How case managers can engage in meaningful outcomes management

June 25, 2019
Medicare Web

I hear a frequent complaint from case managers across practice settings. The expanded emphasis on well-intended preemptive revenue cycle management ends up focusing on illusive metrics for the industry, such as geometric mean length of stay (GMLOS), hospital consumer assessment of healthcare providers and systems (HCAHPS), and readmission rates.

This reality occurs instead of looking at the unique factors for the specific organization that actually cause those metrics to be out of whack in the first place. Independent of practice setting, case managers are often left with the overwhelming task of waving their proverbial magic wands and ensuring unilateral attention to these issues. This assignment is not practical or realistic. These are interprofessional times that beg for collaborative approaches to identify and address a fresh generation of outcomes that ensure actionable accountability by key personnel. Given case managers’ wide lens of the client care process, they are in a prime position to lead this effort.

Powell and Tahan (2019) detail six categories that exemplify meaningful outcomes management for case management, as shown below. Useful outcomes must measure more information than simply numbers (e.g., number of readmissions, denials, length of stay). To be successful in the current industry, all outcomes must be intentionally chosen and speak to both numbers and potential explanations for why those numbers don’t meet the expected threshold.

Otherwise, these efforts cease to be helpful—becoming simply those items captured to validate a particular department standard or metric has been met. Today’s healthcare workforce is far too busy to engage in any activities that are anything less than purposeful. All outcomes should provide vested stakeholders with clear data that clearly informs why variances and issues are significant and useful toward enhancing organizational performance (Fink-Samnick, 2019, pg. 82).

They should lead to the development of actionable and strategic plans to evolve clear process changes. Only then can an organization effectively meet the combined mandates of attending to clinical, nonclinical, and fiscal priorities required by their SDoH populations. Meaningful outcomes management also ensures the organization’s financial sustainability for the long term.

Meaningful outcome management measures


  • Length of stay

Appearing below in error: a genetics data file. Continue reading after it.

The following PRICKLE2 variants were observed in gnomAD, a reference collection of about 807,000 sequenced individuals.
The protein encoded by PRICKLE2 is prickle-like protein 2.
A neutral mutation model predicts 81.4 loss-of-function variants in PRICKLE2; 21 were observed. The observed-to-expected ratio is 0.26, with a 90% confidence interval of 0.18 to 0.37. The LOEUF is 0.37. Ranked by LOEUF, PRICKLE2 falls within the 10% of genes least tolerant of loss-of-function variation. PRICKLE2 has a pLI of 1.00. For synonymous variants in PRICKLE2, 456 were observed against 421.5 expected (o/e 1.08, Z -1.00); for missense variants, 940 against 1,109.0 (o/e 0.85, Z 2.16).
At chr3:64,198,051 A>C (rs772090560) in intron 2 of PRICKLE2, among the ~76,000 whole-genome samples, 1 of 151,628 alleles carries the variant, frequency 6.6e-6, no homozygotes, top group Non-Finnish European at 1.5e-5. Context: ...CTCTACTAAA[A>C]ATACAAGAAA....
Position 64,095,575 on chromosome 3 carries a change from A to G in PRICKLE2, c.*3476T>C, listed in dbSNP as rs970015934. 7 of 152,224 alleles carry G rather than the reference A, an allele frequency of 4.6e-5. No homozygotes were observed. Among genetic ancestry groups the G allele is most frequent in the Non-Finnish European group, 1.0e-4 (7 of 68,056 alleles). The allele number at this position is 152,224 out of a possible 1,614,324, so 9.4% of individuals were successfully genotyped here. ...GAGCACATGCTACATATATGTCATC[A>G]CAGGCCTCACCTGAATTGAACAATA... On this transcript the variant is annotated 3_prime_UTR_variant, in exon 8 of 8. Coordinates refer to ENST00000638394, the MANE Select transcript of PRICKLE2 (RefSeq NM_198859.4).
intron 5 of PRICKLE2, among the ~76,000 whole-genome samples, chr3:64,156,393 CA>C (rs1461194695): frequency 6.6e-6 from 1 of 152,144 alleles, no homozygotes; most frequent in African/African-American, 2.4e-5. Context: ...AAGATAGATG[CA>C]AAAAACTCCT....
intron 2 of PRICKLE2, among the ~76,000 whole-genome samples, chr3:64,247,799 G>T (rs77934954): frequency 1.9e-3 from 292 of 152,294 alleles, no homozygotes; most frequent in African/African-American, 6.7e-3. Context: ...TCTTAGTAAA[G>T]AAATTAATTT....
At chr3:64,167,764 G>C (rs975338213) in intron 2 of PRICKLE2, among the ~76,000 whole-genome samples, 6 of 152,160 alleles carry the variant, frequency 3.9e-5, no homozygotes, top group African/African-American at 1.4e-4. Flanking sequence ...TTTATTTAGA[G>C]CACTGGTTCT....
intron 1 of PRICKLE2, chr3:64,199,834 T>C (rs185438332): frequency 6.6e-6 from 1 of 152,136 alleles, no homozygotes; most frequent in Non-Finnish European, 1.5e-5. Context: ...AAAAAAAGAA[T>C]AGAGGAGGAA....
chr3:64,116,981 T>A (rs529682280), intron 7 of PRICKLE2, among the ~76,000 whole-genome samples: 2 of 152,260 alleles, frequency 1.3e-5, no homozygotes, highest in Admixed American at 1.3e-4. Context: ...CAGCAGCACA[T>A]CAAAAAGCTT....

• Cost per case
  • Cost per diagnosis
  • Cost per encounter or visit


  • Average number of labs, tests
  • Number of denials per unit, physician, program
  • Appeal conversion rate
  • Number of avoidable days (with reason)
  • Turnaround time on labs, procedure, tests, reports
  • Surgical delays, cancellations (with reason)

Transitional planning/throughput

  • Discharge delays (with reason)
  • Readmissions within 72 hours (with reason)
  • Turnaround time from emergency department to floor
  • Appropriateness of level of care
  • Amount of time to resolve if inappropriate
  • Effective/ineffective handoffs (with reason)


  • Change from intravenous to oral medications
  • Morbidity complication rates
  • Medical or medication errors
  • Pain management

Care experience and satisfaction

  • Patient and family experience scores
  • Discharge planning processes (e.g., communications with case management)
  • Health perception
  • Quality of life
  • State of well-being

Variance/delay in care

  • Patient-/family-related variance (e.g., refusal of care, plan, facility)
  • System-related variance (e.g., equipment malfunction impact test completion)
  • Practitioner-related variance (e.g., medication error, delay in discharge)
  • Timely access to care (e.g., delay in consult by specialty provider)
  • Lack of availability of needed discharge resource (e.g., bed availability, pending Medicaid for homecare or placement)



Fink-Samnick, E. (2019). Chapter 4: Care considerations to challenge ethical excellence, in The essential guide to interprofessional ethics in healthcare case management, pp. 67–97. Middleton, MA: HCPro.

Powell, S. K., & Tahan, H. M. (2019). Chapter 7: Quality management and outcomes evaluation in Case management: A practical guide for education and practice, 4th ed. pp. 214–246. Philadelphia, PA: Wolters Kluwer.


Editor’s note: This article is an excerpt from an HCPro book, The Social Determinants of Health: Case Management's Next Frontier, by Ellen Fink-Samnick, MSW, ACSW, LCSW, CCM, CRP.

Related Topics: 
Case Management